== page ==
By replying, the scammer now knows your email address is valid and can use any information provided for further scam communications.
Please review the details below and continue to report phishing. If you fell victim to this scam and surrendered your cell number, please read our article on "smishing" so you will be prepared in case you see this type of attack.
The phishing message sent to numerous WPI email addresses was CEO fraud, appearing to be sent by a WPI leader. These phishing attacks are not technical, but instead use social engineering to achieve the attacker's goal. Unlike traditional phishing scams, spoofed emails used in Business Email Compromise (BEC) schemes rarely set off spam filters because these are targeted phishing scams that are not mass-emailed. The subject "I need a quick response" is intended to pressure you into immediate action. The best action to take is to report suspicious messages using instructions in the related article!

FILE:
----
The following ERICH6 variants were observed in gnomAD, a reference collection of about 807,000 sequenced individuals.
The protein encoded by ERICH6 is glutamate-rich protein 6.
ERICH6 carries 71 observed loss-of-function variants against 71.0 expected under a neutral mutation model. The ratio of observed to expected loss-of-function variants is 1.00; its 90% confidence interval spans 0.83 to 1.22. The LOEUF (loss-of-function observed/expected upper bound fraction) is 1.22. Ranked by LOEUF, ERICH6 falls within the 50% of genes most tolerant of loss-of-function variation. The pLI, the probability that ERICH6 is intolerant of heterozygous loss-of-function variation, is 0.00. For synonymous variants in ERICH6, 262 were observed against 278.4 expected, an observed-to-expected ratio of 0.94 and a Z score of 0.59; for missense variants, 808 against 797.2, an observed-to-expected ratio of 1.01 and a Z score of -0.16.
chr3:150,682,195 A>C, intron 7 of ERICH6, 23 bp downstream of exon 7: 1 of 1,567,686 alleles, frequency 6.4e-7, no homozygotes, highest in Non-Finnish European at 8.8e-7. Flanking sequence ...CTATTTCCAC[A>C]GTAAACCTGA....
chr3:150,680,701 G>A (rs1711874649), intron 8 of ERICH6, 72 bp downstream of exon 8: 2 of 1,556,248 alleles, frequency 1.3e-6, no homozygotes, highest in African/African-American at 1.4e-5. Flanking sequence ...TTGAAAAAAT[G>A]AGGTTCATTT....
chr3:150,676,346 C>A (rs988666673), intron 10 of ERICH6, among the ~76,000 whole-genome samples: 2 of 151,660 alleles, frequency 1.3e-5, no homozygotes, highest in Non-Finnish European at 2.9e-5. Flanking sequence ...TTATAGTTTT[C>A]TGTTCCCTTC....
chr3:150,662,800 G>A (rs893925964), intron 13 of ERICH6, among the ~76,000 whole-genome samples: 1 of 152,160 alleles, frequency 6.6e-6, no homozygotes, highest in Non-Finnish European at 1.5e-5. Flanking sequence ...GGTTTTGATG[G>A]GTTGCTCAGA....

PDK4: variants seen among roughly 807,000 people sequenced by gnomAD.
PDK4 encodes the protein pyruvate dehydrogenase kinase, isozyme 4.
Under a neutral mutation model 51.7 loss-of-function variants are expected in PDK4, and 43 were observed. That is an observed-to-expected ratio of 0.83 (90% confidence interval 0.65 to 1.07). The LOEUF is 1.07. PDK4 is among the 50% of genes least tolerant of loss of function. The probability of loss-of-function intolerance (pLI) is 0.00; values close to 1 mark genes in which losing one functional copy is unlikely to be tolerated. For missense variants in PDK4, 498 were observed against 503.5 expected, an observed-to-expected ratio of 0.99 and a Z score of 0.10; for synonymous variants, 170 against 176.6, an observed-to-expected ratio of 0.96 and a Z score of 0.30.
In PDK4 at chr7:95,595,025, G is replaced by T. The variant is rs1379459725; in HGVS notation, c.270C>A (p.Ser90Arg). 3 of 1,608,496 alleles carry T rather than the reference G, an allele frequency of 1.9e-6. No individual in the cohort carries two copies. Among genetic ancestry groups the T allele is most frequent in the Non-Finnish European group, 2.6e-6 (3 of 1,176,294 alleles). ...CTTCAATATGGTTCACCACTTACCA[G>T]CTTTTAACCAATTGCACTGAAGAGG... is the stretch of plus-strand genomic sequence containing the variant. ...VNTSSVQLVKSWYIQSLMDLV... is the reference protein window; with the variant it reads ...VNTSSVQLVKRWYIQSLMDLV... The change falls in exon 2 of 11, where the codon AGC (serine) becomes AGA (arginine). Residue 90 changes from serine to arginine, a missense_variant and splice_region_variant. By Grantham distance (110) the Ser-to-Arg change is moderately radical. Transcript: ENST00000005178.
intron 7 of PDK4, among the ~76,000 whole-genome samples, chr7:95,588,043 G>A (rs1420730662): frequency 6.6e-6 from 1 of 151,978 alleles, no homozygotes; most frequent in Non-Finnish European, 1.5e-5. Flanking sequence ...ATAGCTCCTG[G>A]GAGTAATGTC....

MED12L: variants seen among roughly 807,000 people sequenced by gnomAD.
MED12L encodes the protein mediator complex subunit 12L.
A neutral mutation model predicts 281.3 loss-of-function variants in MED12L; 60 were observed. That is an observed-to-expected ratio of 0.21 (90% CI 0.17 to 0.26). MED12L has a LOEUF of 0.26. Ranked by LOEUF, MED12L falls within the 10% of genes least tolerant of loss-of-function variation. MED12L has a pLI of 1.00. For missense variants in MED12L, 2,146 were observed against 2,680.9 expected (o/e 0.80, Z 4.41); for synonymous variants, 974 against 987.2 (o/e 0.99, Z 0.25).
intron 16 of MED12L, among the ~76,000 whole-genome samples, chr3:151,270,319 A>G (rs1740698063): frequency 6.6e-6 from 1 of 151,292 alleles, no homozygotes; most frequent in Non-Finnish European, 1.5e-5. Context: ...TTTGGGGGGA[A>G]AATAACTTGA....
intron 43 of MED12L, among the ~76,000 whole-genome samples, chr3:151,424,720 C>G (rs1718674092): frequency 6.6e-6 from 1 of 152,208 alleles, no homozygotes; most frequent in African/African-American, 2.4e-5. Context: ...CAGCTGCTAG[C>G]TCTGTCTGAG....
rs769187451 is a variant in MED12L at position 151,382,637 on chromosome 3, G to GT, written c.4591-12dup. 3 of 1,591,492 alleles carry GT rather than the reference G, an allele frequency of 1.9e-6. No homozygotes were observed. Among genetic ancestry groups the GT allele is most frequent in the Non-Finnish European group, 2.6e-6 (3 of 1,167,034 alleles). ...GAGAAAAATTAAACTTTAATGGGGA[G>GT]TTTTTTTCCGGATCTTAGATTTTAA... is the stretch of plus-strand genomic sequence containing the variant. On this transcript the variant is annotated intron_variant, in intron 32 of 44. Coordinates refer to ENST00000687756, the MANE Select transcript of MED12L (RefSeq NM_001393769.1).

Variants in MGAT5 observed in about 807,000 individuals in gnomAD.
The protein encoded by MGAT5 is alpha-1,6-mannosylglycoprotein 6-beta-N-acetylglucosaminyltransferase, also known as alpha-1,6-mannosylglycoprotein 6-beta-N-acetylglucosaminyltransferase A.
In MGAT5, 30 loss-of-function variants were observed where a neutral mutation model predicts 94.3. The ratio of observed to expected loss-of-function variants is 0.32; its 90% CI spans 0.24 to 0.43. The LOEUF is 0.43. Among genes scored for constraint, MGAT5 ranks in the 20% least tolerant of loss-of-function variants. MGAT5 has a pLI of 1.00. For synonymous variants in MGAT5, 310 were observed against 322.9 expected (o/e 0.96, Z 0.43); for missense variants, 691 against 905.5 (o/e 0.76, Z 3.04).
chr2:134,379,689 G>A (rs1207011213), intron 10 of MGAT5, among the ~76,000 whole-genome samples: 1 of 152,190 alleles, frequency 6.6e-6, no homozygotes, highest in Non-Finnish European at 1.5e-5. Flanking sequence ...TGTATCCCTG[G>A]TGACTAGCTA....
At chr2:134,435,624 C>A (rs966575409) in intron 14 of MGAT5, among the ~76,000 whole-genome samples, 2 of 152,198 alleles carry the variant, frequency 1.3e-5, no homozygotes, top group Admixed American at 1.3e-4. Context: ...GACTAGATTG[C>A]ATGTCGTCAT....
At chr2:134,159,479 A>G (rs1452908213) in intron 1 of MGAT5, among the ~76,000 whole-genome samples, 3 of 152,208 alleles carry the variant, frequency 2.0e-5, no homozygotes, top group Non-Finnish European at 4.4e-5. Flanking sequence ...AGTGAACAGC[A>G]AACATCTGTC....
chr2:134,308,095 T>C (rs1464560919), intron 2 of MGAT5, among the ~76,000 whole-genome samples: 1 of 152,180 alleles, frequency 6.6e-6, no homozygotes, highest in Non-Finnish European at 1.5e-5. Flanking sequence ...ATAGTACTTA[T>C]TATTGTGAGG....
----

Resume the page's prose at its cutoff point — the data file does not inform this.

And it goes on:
Here are some of the characteristics to help you recognize it as a phishing message:
- While the "FROM" address incorporates wpi in the username to deliberately deceive you, it is not from WPI; it is actually from gmail.com.
- The SUBJECT contains the [EXT] marker indicating that it was sent from outside of WPI.
- The email SIGNATURE is falsified to distract you from the gmail address above.